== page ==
Saturday, 9 April 2011

Busy with stuff

I'm rather busy with stuff at the moment, so please don't expect a plethora of posts on The Yorkist Age or indeed my other blogs, as I don't have the time. Will get back to this in time, though.

Monday, 4 April 2011

Sir William Herbert and the mess in Wales

Just as Edward was inclined to leave the far North to the Nevilles, so he was inclined to leave Wales to his supporters there, of whom the most remarkable was Sir William Herbert. (It appears that originally Edward planned to campaign in Wales in the summer of 1461, but in the event he never got further than Ludlow and returned to Westminster to hold his first Parliament.)

Herbert was a Welshman, and was to be the first of that nation (barring King Henry VI's Tudor half-brothers, who were a bit of a special case) to be granted an earldom. He undoubtedly earned this honour, and was to pay a terrible price for it in the fullness of time. Knighted by King Henry in 1449, William Herbert had fought in the French wars under Somerset, but despite this - or maybe because of it - became a strong Yorkist supporter. Edward was swift to appoint him to his Privy Council and in May 1461 made him Chamberlain and Chief Justice of South Wales.

The main Lancastrian threat in Wales was organised by Jasper Tudor, Earl of Pembroke, who had of course fought at Mortimer's Cross and was to continue to be a thorn in the side of the Yorkist dynasty all the way to Bosworth. Jasper was undoubtedly a warrior of some ability and he appears to have enjoyed some popularity in Wales - at least he was always able to find some Welshmen willing to fight for him. (It is a little odd that Wales was as pro-Lancastrian as it was, given the treatment handed out to that country by Henry IV and his son, but there you are.)

Herbert captured the formidable castle of Pembroke on 30 September, then defeated Tudor, Exeter and the main force of Welsh Lancastrians at Twt Hill near Caernarfon on 16 October. On 4 November Herbert was rewarded with a barony, as Lord Herbert, and granted the castle, town and lordship of Pembroke. The promotion was obviously fully merited.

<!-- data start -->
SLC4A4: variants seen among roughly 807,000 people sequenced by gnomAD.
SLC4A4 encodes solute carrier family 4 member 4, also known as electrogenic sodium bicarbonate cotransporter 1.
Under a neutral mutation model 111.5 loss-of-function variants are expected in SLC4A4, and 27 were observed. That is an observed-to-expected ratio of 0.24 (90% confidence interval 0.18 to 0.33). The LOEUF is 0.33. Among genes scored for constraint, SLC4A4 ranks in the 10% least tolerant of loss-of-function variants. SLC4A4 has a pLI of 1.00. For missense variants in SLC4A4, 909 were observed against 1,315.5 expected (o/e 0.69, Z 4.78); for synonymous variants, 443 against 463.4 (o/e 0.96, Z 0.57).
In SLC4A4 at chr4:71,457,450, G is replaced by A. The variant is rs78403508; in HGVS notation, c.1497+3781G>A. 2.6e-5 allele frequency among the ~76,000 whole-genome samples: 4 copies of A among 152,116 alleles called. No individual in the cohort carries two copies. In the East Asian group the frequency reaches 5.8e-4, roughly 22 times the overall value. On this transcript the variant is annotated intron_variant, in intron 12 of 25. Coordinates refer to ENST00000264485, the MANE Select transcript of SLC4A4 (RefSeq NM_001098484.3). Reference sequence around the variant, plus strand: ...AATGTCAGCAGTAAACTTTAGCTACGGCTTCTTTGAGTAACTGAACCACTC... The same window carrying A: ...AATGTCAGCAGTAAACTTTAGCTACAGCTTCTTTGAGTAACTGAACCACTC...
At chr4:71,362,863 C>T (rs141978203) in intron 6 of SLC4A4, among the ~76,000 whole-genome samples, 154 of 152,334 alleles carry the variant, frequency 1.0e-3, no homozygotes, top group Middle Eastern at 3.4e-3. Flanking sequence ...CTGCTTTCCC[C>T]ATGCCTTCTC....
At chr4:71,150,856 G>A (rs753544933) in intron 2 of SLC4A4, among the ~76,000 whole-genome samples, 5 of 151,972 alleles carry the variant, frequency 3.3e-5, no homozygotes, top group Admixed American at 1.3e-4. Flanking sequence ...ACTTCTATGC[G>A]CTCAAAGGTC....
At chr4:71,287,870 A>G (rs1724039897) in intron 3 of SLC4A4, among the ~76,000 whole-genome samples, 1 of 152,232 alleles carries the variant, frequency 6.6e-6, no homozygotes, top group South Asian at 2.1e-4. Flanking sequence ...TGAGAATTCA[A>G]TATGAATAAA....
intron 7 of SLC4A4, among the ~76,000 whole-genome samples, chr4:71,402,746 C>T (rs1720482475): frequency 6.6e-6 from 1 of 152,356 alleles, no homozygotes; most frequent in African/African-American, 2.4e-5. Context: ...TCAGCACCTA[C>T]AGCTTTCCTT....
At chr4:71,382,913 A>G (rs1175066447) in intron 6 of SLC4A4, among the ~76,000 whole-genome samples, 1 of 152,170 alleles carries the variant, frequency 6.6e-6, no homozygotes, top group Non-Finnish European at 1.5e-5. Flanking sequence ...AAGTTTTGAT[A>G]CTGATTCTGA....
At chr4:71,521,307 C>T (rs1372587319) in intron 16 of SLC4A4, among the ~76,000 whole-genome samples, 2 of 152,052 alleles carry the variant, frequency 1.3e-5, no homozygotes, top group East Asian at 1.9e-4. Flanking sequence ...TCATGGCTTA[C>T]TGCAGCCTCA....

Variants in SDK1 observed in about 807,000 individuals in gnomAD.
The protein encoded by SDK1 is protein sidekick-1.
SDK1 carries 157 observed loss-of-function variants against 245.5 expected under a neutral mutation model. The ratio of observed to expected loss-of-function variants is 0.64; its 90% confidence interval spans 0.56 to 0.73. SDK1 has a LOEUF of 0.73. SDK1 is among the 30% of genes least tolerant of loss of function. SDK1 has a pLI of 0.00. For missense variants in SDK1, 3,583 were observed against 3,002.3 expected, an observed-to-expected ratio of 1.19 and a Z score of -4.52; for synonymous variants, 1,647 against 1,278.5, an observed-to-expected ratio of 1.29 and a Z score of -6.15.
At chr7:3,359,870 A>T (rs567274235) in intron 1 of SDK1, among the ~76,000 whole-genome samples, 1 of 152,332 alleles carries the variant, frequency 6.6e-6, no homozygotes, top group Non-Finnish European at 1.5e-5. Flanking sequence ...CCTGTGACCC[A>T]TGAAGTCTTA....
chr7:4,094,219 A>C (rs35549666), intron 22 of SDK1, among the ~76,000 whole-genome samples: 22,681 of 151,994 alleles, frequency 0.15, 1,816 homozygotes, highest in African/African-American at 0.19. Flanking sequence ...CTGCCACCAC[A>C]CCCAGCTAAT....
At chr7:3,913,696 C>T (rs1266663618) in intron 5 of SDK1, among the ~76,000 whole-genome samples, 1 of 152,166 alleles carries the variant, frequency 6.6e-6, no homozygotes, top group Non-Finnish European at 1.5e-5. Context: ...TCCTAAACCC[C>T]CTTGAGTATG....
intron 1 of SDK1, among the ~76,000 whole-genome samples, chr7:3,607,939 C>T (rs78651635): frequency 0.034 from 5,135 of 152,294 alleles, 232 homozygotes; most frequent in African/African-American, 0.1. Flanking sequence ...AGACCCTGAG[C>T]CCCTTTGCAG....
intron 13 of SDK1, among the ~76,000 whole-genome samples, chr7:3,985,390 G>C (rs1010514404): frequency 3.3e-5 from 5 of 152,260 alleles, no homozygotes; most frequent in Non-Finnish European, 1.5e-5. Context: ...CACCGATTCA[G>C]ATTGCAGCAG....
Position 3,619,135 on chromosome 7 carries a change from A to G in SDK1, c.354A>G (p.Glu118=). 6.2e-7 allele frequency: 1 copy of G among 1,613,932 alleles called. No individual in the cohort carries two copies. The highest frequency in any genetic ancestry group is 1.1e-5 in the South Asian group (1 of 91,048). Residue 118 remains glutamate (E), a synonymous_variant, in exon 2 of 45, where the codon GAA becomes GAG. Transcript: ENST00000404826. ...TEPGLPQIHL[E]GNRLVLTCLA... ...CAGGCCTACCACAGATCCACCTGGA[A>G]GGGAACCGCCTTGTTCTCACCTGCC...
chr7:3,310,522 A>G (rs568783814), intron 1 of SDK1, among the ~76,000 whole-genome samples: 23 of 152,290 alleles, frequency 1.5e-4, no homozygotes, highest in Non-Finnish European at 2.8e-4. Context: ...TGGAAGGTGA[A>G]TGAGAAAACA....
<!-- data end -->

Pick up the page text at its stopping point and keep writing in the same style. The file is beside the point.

Denbigh and Carreg Cennan castles fell to the Yorkists in early 1462, but Harlech still held out, and was to continue to do so until 1469. One must assume that it was so remote that King Edward did not see its capture as a priority.

Saturday, 2 April 2011

Sir John Mortimer Redux

Stephen Lark kindly referred me to the Hull geneology site which suggests that Sir John was the legitimate brother of the 4th earl Roger (killed 1398) and Sir Edmund. However, further digging about on the web reveals that the 3rd earl only referred to two sons (Roger and Edmund) in his will and therefore the Hull site has almost certainly got to be wrong.

Elsewhere on the web Douglas Richardson points out that if John Mortimer was male heir to the Earl of March (as he allegedly claimed) he would have to be of legitimate descent. This is true as far as it goes, although people making wild claims rarely bother about technicalities. After the 5th Earl of March's death, his claim to the throne went (through his deceased sister, Anne) to his nephew, Richard, Duke of York. The Salic law cannot be used here, as that would make the Lancastrians legitimate kings and wipe out the Mortimer claim altogether! I suppose that an extreme stretch he might have had a claim to the title, Earl of March, but the lands were evidently not entailed to the male heir so this would not have helped him much. But if we assume Sir John Mortimer was of legitimate descent, the most likely explanation is that he was a grandson of one of the two younger brothers of the 3rd earl. Unless you know better?

But, hang about. It was the 3rd earl who married Philippa of Clarence. So his younger brothers and their heirs might have some sort of claim to the Mortimer lands and titles but they would have no claim whatever to the throne as they were not descended from Lionel of Clarence. I still can't make sense of this - at the moment I can't see any way that Sir John Mortimer had any right to the throne, but if he didn't why did the Lancastrian government consider him such a threat?